The Sons of Hagar in Archbishop Eustathios᾽ The Capture of Thessaloniki: Some Evidence Concerning Late Twelfth Century Byzantine-Turkish Relations
By Gerasimos A. Merianos
Byzantina Symmeikta Vol.17 (1996)
Introduction: The Capture of Thessaloniki, Eustathios’ account of the conquest of his archbishopric by the Normans of Sicily (1185), constitutes a significant historical source for the period 1180-1185, which supplements the corresponding chapters from Niketas Choniates’ History. In this work Eustathios depicts not only the capture and occupation of his see, but he also offers valuable information about the events prior to the disaster.
Therefore, it is not surprising that in The Capture of Thessaloniki there are some references concerning the Seljuk Turks, which illustrate certain aspects of the later twelfth century Byzantine-Turkish relations. Eustathios’ remarks are valuable, as he outlines to some extent the new balance of power that emerged after two catalytic events: the military defeat of Manuel I Komnenos (1143-1180) by the Seljuk Turks at the battle of Myriokephalon (1176), which diminished Byzantium’s military prestige; and Manuel I’s death (1180), which signalled a period of political instability for the Byzantine Empire.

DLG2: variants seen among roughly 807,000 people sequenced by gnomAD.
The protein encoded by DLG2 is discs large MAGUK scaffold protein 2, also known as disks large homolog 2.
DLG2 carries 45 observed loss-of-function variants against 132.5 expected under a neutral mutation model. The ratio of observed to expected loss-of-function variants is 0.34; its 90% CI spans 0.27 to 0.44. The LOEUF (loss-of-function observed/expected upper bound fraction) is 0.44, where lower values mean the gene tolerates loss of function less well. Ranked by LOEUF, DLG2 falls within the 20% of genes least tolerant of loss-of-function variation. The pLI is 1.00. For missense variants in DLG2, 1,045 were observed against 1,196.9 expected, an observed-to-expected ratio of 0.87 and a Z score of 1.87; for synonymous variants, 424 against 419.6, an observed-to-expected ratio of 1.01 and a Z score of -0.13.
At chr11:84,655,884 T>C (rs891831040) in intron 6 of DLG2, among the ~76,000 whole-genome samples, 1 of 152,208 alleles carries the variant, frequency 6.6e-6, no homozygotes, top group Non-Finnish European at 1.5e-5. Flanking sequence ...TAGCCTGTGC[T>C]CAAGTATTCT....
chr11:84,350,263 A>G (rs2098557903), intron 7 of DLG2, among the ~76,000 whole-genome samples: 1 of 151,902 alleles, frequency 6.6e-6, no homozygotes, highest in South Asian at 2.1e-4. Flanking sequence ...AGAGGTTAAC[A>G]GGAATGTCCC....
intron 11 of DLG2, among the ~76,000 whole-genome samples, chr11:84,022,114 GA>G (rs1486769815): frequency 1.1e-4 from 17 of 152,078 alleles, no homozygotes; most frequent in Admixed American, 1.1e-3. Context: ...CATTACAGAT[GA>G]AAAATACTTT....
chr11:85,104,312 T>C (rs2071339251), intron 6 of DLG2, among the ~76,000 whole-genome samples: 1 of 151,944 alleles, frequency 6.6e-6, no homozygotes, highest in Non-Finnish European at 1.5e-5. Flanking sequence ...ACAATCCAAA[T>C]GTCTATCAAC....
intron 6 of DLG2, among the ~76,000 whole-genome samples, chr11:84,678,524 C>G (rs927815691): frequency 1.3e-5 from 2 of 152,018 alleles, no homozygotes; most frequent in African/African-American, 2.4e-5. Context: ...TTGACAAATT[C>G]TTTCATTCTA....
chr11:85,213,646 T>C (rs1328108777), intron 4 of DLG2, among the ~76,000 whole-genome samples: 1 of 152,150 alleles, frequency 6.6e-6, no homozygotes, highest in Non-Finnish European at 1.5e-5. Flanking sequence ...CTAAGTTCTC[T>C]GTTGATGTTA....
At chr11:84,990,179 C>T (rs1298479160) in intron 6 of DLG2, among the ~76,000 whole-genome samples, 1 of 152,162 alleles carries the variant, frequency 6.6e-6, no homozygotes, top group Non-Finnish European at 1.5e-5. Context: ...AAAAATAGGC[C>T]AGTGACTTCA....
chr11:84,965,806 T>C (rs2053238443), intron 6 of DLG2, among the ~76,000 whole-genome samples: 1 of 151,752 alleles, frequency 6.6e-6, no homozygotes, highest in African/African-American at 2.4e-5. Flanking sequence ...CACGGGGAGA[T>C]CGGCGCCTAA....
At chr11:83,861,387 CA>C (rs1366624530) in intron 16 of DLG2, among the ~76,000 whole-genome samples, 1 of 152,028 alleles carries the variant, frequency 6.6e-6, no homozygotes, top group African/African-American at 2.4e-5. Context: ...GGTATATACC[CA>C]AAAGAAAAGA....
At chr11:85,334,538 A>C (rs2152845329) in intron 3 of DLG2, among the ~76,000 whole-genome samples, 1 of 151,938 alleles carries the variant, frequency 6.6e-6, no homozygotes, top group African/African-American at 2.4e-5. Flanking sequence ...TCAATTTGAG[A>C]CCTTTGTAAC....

In order to be precise, it must be stressed that Eustathios’ allusions to Seljuk Turks are meagre; in fact, there are only three relating to them throughout the text, not all being of equal importance for our purpose. However, this key text, even though sparsely, proffers the chance to take a glance at late twelfth century Byzantine-Turkish relations and assemble the additional information from it.